etired General Jim Mattis became the first confirmed member of Donald Trump’s cabinet in 2017. Mattis boasted a legendary Marine Corps career of 44 years, which is (…hold on, let me double check my math here…OK, yep…) exactly 44 years longer than the military career of the man who nominated him. While heading the Defense Department, Mattis was lovingly referred to by his boss as one of “my generals”, and even earned kind words as he walked out the door after less than two years on the job. In fact, it turned out that Mattis disagreed with his Commander in Chief on virtually everything—Russia, North Korea, China, Syria—even climate change. It was not a good match.
We haven’t had a full-time head of the Defense Department since the Mattis departure. As fill-ins, first there was Patrick Shanahan, who had spent 30 years at Boeing selling weapons to the department he later temporarily headed. After a personal controversy, Shanahan yielded to Mark Esper (currently awaiting Senate confirmation), who earned his career stripes as a lobbyist for the defense contractor Raytheon, where he also previously sold weapons to the department he’ll soon head. By law, once nominated for the full-time job, Esper had to give up his acting title, which has temporarily elevated Richard Spencer (not the neo-Nazi), who has served his country primarily as an investment banker.
Any day now, Esper will become the permanent head of the department. But in the opinion of Guy Snodgrass, a retired U.S. Navy Commander who served under Mattis, this hardly solves the bigger problem. Writing in the Washington Post, he cited a much larger dysfunction:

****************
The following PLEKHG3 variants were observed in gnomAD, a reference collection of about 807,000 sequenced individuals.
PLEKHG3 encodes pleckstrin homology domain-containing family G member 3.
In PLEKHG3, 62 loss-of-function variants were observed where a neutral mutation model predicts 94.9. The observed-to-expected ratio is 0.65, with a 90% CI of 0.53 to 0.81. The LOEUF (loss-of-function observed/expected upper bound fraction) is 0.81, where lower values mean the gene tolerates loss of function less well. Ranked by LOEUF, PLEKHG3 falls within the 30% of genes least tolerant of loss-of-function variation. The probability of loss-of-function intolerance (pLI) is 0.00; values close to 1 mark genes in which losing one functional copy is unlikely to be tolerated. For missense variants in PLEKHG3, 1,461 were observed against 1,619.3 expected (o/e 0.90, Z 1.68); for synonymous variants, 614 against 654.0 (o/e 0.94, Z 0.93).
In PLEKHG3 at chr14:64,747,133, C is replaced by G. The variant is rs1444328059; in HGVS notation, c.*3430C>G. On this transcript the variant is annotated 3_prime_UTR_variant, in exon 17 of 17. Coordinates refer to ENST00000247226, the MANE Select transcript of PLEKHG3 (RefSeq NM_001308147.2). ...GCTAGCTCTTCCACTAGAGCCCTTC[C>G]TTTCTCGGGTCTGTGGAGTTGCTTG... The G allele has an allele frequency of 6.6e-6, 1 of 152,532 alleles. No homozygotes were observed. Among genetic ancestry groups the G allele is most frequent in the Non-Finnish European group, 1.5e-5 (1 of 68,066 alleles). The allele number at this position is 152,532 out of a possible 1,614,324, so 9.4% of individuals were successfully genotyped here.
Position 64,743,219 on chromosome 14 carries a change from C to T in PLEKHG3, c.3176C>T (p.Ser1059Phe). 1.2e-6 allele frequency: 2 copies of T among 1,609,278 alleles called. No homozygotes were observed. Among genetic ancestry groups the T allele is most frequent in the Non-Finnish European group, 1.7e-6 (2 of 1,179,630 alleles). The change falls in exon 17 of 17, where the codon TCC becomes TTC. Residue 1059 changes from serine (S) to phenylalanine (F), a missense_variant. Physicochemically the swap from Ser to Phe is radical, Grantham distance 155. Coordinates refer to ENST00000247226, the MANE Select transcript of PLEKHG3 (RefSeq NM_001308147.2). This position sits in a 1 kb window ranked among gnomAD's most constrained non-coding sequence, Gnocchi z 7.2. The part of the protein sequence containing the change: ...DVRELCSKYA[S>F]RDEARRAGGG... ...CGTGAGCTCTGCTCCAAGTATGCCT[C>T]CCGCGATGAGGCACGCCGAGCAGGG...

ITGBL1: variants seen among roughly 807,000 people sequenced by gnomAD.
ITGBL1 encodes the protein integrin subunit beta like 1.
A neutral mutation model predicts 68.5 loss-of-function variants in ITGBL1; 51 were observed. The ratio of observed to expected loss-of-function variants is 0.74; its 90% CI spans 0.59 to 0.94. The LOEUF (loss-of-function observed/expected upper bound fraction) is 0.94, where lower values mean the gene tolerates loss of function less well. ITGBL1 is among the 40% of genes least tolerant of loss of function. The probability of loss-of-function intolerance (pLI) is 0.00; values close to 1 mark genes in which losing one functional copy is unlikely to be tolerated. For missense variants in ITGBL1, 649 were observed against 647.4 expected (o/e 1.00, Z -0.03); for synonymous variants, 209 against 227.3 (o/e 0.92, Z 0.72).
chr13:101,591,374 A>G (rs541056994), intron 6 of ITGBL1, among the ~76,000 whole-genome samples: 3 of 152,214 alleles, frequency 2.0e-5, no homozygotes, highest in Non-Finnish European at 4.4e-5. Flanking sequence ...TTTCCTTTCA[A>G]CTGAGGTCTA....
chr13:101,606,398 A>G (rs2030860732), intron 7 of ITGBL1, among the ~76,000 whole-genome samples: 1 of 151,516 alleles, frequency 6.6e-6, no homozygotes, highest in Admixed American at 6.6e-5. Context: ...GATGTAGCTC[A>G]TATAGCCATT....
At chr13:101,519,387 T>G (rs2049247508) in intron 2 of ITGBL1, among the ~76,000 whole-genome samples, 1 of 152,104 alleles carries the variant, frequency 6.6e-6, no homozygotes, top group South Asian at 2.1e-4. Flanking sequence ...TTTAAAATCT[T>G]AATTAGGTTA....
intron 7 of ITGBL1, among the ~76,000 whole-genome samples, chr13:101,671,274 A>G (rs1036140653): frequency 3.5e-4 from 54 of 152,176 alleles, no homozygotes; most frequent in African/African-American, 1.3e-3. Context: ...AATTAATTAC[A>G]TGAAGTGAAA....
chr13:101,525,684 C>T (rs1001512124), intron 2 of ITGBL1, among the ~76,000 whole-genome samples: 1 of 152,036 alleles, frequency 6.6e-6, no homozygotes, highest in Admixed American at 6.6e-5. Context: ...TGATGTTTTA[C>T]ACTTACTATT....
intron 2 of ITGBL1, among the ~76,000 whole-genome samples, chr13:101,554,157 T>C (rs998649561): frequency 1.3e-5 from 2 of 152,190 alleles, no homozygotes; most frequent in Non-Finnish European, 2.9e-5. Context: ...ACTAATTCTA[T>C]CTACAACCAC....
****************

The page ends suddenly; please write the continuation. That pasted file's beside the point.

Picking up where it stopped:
…(a) long-standing leadership vacuum is compounded by a Pentagon with an acting deputy defense secretary, acting secretary of the Army, acting secretary of the Air Force, acting inspector general, acting assistant defense secretary for international security affairs . . . the list goes on. CNN revealed earlier this month that 19 of the most senior Pentagon positions are either vacant or filled by a temporary acting official. Lower-tier leadership posts are similarly gapped. Friends serving in the Pentagon describe a disordered situation, where no one can speak with confidence regarding the military’s long-term priorities.
For more than half a year, the department has had no permanent head. That’s never happened before in our history. No one to decide strategy, logistics—or the future. But that didn’t stop the department from proposing the largest budget in military history.
This doubly indicts this criminally-inflated theft of U.S. taxpayer dollars which we outlined recently in, Cut the Military Budget—in Half. If you think you pay too much in taxes…and suspect that many of your dollars are misspent…it’s worth the read. This is the true money pit.
Three-quarters of a trillion dollars are budgeted for defense-related expenditures next year. This year, there’s been no one in charge to explain why that's necessary. The budget exploded anyway. Even the department itself can’t identify exactly where all the money will go.
It’s no secret that Trump’s almost endless list of vacancies across key cabinet positions is fueled by the fact that almost no one wants to work for him. It’s an indictment across the board; but in this specific case--figuring out how to defend our country while blithely spending $750 billion a year—it’s indefensible.
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